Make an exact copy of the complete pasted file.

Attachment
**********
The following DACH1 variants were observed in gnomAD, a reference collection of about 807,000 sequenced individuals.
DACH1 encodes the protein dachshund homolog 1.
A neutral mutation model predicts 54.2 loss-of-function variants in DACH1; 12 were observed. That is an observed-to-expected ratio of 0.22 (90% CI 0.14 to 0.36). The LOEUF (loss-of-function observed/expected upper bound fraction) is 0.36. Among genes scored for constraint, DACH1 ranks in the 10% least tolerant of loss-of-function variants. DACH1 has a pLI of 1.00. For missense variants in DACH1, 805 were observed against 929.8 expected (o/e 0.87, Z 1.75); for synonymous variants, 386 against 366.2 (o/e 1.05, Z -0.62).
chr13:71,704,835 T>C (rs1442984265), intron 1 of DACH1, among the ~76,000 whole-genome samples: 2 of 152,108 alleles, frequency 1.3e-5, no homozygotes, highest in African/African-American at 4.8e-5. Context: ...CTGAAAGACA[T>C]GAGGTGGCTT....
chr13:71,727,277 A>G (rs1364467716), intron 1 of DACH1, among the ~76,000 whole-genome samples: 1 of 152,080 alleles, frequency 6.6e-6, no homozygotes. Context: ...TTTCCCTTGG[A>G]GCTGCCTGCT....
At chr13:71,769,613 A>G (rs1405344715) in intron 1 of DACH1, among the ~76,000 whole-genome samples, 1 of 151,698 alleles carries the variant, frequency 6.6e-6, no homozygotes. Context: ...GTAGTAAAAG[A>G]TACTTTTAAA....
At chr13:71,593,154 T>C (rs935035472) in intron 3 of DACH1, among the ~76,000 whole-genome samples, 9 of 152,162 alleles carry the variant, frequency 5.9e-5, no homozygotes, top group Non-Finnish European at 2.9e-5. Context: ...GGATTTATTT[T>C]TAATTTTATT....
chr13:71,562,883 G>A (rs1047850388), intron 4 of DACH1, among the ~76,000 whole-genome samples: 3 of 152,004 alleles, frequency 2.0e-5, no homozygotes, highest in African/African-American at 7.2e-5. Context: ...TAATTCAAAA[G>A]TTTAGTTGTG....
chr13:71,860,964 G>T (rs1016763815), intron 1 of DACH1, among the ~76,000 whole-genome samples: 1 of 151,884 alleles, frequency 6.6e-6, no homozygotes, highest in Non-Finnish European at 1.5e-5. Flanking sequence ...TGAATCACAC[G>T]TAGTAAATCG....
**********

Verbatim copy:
The following DACH1 variants were observed in gnomAD, a reference collection of about 807,000 sequenced individuals.
DACH1 encodes the protein dachshund homolog 1.
A neutral mutation model predicts 54.2 loss-of-function variants in DACH1; 12 were observed. That is an observed-to-expected ratio of 0.22 (90% CI 0.14 to 0.36). The LOEUF (loss-of-function observed/expected upper bound fraction) is 0.36. Among genes scored for constraint, DACH1 ranks in the 10% least tolerant of loss-of-function variants. DACH1 has a pLI of 1.00. For missense variants in DACH1, 805 were observed against 929.8 expected (o/e 0.87, Z 1.75); for synonymous variants, 386 against 366.2 (o/e 1.05, Z -0.62).
chr13:71,704,835 T>C (rs1442984265), intron 1 of DACH1, among the ~76,000 whole-genome samples: 2 of 152,108 alleles, frequency 1.3e-5, no homozygotes, highest in African/African-American at 4.8e-5. Context: ...CTGAAAGACA[T>C]GAGGTGGCTT....
chr13:71,727,277 A>G (rs1364467716), intron 1 of DACH1, among the ~76,000 whole-genome samples: 1 of 152,080 alleles, frequency 6.6e-6, no homozygotes. Context: ...TTTCCCTTGG[A>G]GCTGCCTGCT....
At chr13:71,769,613 A>G (rs1405344715) in intron 1 of DACH1, among the ~76,000 whole-genome samples, 1 of 151,698 alleles carries the variant, frequency 6.6e-6, no homozygotes. Context: ...GTAGTAAAAG[A>G]TACTTTTAAA....
At chr13:71,593,154 T>C (rs935035472) in intron 3 of DACH1, among the ~76,000 whole-genome samples, 9 of 152,162 alleles carry the variant, frequency 5.9e-5, no homozygotes, top group Non-Finnish European at 2.9e-5. Context: ...GGATTTATTT[T>C]TAATTTTATT....
chr13:71,562,883 G>A (rs1047850388), intron 4 of DACH1, among the ~76,000 whole-genome samples: 3 of 152,004 alleles, frequency 2.0e-5, no homozygotes, highest in African/African-American at 7.2e-5. Context: ...TAATTCAAAA[G>A]TTTAGTTGTG....
chr13:71,860,964 G>T (rs1016763815), intron 1 of DACH1, among the ~76,000 whole-genome samples: 1 of 151,884 alleles, frequency 6.6e-6, no homozygotes, highest in Non-Finnish European at 1.5e-5. Flanking sequence ...TGAATCACAC[G>T]TAGTAAATCG....